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In an economy with high uncertainty, locking in on secure investments in hard assets such as gold is one way to preserve financial security and hedge your net worth against inflation. The price of gold may have stabilized since previous decades in which individuals were given a false image of long-term growth prospects for gold by the dramatic short-term spike in the price. However, with increasingly unattractive practice of federal stimulation, the value of the dollar may be shrinking while the value of gold will do merely the opposite, given its nature of negative correlation. iShares Gold Trust (NYSEARCA:IAU) is an exchange traded fund that serves as a low-risk alternative from traditional methods of directly investing in gold or the more common exchange traded fund, SPDR Gold Shares Trust (NYSEARCA:GLD), yet enables investors to gain exposure for a significantly lower initial outlay. This article outlines the unique investment opportunity IAU has to offer.

Overview

IAU is an exchange traded fund that attempts to mimic the day-to-day fluctuations in the price of the gold bullion. Below is a price graph illustrating IAU's five year performance.

Figure 1: IAU 5 Year Price Graph from TD Ameritrade

(click to enlarge)

IAU is currently trading between $16 and $17, with the most recent close being $16.67. IAU's total assets equate to $11 billion. IAU's current alpha value is 14, indicating that IAU is undervalued. To help forecast what to expect from IAU over the next few years, I extracted the holding period returns and computed an expected return of 23%, which is what should be anticipated on an annual basis. IAU is relatively low risk and this is revealed through a fund specific beta value of only 0.52. This puts IAU at lower risk than the market, which has a beta value of 1. You will also see below in figure 2 how IAU stacks up to the S&P 500.

Figure 2: IAU vs. S&P 500 Graph from TD Ameritrade

(click to enlarge)

Since 2008, IAU has without a doubt outperformed the S&P 500. In the graph above, the lighter green (top) line represents the returns of IAU in percentage terms and the darker green (bottom) represents the S&P 500.

IAU's Percentage Return Looks Very Familiar

It is clear IAU has outperformed the S&P over the course of the past five years, but what is more interesting is how IAU has performed relative in percentage terms to GLD. For those individuals that closely follow gold and ETFs exposed to precious metals, you may already be familiar with what I am about to reveal in the figure below. Below in figure 3, I have extracted a graph from Google Finance, where I have graphed IAU's performance relative to GLD and the S&P 500 index since 2005.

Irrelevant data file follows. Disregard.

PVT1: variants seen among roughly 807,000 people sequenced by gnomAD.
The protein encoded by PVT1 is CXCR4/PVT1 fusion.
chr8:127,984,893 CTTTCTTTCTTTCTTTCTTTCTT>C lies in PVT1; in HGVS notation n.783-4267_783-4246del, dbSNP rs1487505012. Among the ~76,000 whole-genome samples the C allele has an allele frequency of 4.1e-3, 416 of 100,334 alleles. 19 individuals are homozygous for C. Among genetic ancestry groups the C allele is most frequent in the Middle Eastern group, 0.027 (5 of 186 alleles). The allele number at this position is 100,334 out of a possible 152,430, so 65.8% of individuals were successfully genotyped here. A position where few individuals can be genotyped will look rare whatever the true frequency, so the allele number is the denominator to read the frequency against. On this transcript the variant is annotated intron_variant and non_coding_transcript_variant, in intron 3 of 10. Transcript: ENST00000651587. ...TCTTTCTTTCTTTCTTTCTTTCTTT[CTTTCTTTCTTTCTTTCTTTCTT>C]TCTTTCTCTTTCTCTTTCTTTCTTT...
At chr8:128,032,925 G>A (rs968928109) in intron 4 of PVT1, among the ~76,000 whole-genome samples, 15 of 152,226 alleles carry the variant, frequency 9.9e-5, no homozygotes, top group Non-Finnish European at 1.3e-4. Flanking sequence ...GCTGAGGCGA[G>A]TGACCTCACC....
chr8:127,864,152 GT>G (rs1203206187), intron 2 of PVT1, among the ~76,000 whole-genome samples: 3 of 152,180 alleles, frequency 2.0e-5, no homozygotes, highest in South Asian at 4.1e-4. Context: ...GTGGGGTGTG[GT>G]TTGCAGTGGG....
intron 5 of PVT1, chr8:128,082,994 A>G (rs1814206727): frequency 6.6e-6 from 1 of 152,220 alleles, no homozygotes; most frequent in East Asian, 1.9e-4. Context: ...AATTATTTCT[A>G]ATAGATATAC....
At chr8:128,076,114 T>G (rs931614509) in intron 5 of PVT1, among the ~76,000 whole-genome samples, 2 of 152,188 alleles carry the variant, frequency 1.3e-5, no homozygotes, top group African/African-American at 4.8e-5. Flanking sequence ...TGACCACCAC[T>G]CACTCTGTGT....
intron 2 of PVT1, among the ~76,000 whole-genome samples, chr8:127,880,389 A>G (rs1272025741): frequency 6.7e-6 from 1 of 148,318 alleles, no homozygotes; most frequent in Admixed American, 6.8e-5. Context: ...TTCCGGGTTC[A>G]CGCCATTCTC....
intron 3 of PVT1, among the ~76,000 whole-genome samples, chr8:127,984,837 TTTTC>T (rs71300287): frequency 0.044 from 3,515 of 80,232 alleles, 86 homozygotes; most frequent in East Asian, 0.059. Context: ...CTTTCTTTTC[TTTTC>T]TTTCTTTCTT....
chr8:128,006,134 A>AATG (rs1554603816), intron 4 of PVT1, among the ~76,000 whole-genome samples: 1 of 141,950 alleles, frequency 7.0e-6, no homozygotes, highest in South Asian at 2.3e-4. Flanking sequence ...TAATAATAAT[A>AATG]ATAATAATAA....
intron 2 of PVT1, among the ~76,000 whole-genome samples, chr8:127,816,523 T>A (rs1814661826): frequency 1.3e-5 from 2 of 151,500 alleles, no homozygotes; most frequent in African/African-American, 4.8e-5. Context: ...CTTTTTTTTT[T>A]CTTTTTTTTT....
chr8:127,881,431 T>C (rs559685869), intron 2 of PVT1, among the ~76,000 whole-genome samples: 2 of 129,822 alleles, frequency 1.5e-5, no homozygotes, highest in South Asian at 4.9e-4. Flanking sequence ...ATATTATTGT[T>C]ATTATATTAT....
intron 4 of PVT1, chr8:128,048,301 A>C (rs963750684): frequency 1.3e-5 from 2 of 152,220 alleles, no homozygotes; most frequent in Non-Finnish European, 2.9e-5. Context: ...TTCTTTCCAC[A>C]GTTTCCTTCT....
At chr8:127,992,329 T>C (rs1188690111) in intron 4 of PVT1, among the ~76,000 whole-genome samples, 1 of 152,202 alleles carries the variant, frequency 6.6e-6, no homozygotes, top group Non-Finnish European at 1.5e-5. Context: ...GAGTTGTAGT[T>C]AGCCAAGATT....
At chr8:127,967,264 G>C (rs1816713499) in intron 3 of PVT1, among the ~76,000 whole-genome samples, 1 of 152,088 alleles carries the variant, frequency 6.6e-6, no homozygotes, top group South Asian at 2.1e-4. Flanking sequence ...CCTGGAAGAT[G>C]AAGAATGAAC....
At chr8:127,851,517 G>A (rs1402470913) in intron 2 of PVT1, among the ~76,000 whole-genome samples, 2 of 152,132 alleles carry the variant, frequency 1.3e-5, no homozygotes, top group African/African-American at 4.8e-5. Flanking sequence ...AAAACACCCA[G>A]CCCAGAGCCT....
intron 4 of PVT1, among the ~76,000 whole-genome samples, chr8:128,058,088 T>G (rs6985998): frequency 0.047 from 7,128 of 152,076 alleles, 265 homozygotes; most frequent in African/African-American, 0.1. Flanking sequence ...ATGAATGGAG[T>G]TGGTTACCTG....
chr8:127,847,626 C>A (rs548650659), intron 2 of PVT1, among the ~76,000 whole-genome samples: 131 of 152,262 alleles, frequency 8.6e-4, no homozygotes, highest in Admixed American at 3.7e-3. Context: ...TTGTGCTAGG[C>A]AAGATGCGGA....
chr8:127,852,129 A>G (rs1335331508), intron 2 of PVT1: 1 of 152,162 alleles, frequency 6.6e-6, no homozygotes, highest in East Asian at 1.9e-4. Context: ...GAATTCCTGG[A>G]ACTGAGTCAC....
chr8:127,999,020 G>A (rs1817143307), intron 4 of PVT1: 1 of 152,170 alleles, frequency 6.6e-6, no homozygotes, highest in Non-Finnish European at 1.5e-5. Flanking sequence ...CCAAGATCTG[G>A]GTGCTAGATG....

Figure 3: IAU vs. GLD

(click to enlarge)

The gold line represents the S&P 500 index, and the red line represents GLD. So the question to be answered, where is line for IAU. Well IAU is represented by the blue line, which you may have been already able to tell by the slight shade of blue next to the red line. This indicates IAU and GLD are merely identical, well at least in terms of their relative performance over the past five years. It is hard to ignore the fact that GLD trades at approximately 9.95x the prices of IAU. The primary difference is that GLD is an exchange traded fund that attempts to replicate the value of the gold bullion while, as I previously stated above, IAU attempts to mock the day-to-day fluctuations in the price of the gold bullion. In conclusion, IAU is advantageous for investors because it provides exposure to gold, allowing them to acquire gains that are directly correlated to gold increasing in value, yet does not require quite as high of an initial investment in contrast to other alternatives.

Conclusion

Gold is a hard asset that has been used as a means in exchange for centuries. As a result of inflation, markets reveal a relationship between short-term increases in the price of commodities including precious metals. With increases in supply, the price of commodities such as agriculture crops can be reduced; however, the supply of gold is limited and prices cannot be driven down by supply increases. Therefore, if you account for inflation increasing in the long-run, the price of gold will be forced to increase. Whether you are an investor with a short- or long-term horizon, IAU provides significant exposure to gold for only a fraction of the cost.

Sources: TD Ameritrade, Google Finance, InflationData.com, and The Wall Street Journal.

Source: Exposure To Gold For A Fraction Of The Cost